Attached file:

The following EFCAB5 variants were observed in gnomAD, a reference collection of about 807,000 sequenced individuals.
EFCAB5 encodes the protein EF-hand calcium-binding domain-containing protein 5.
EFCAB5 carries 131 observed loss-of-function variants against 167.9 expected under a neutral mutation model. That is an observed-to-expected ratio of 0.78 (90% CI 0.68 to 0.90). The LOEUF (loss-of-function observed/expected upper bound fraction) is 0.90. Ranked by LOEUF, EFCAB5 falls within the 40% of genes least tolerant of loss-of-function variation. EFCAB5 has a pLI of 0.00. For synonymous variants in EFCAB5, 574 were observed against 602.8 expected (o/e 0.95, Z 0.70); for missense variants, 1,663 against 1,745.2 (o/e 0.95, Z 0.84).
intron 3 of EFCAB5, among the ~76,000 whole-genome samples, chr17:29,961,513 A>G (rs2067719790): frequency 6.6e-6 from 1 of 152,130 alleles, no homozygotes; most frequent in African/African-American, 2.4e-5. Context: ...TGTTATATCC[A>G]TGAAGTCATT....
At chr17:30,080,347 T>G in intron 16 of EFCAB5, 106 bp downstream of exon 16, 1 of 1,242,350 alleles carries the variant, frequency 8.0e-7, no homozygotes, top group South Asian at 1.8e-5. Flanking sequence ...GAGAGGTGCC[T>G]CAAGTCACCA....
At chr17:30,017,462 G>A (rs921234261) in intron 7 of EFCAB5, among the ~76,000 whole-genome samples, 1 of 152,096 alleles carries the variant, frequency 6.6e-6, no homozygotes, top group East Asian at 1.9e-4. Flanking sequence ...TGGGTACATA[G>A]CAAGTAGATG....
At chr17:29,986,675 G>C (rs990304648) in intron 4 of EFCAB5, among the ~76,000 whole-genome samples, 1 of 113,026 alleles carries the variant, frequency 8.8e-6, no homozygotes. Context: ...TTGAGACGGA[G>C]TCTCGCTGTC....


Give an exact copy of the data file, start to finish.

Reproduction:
The following EFCAB5 variants were observed in gnomAD, a reference collection of about 807,000 sequenced individuals.
EFCAB5 encodes the protein EF-hand calcium-binding domain-containing protein 5.
EFCAB5 carries 131 observed loss-of-function variants against 167.9 expected under a neutral mutation model. That is an observed-to-expected ratio of 0.78 (90% CI 0.68 to 0.90). The LOEUF (loss-of-function observed/expected upper bound fraction) is 0.90. Ranked by LOEUF, EFCAB5 falls within the 40% of genes least tolerant of loss-of-function variation. EFCAB5 has a pLI of 0.00. For synonymous variants in EFCAB5, 574 were observed against 602.8 expected (o/e 0.95, Z 0.70); for missense variants, 1,663 against 1,745.2 (o/e 0.95, Z 0.84).
intron 3 of EFCAB5, among the ~76,000 whole-genome samples, chr17:29,961,513 A>G (rs2067719790): frequency 6.6e-6 from 1 of 152,130 alleles, no homozygotes; most frequent in African/African-American, 2.4e-5. Context: ...TGTTATATCC[A>G]TGAAGTCATT....
At chr17:30,080,347 T>G in intron 16 of EFCAB5, 106 bp downstream of exon 16, 1 of 1,242,350 alleles carries the variant, frequency 8.0e-7, no homozygotes, top group South Asian at 1.8e-5. Flanking sequence ...GAGAGGTGCC[T>G]CAAGTCACCA....
At chr17:30,017,462 G>A (rs921234261) in intron 7 of EFCAB5, among the ~76,000 whole-genome samples, 1 of 152,096 alleles carries the variant, frequency 6.6e-6, no homozygotes, top group East Asian at 1.9e-4. Flanking sequence ...TGGGTACATA[G>A]CAAGTAGATG....
At chr17:29,986,675 G>C (rs990304648) in intron 4 of EFCAB5, among the ~76,000 whole-genome samples, 1 of 113,026 alleles carries the variant, frequency 8.8e-6, no homozygotes. Context: ...TTGAGACGGA[G>C]TCTCGCTGTC....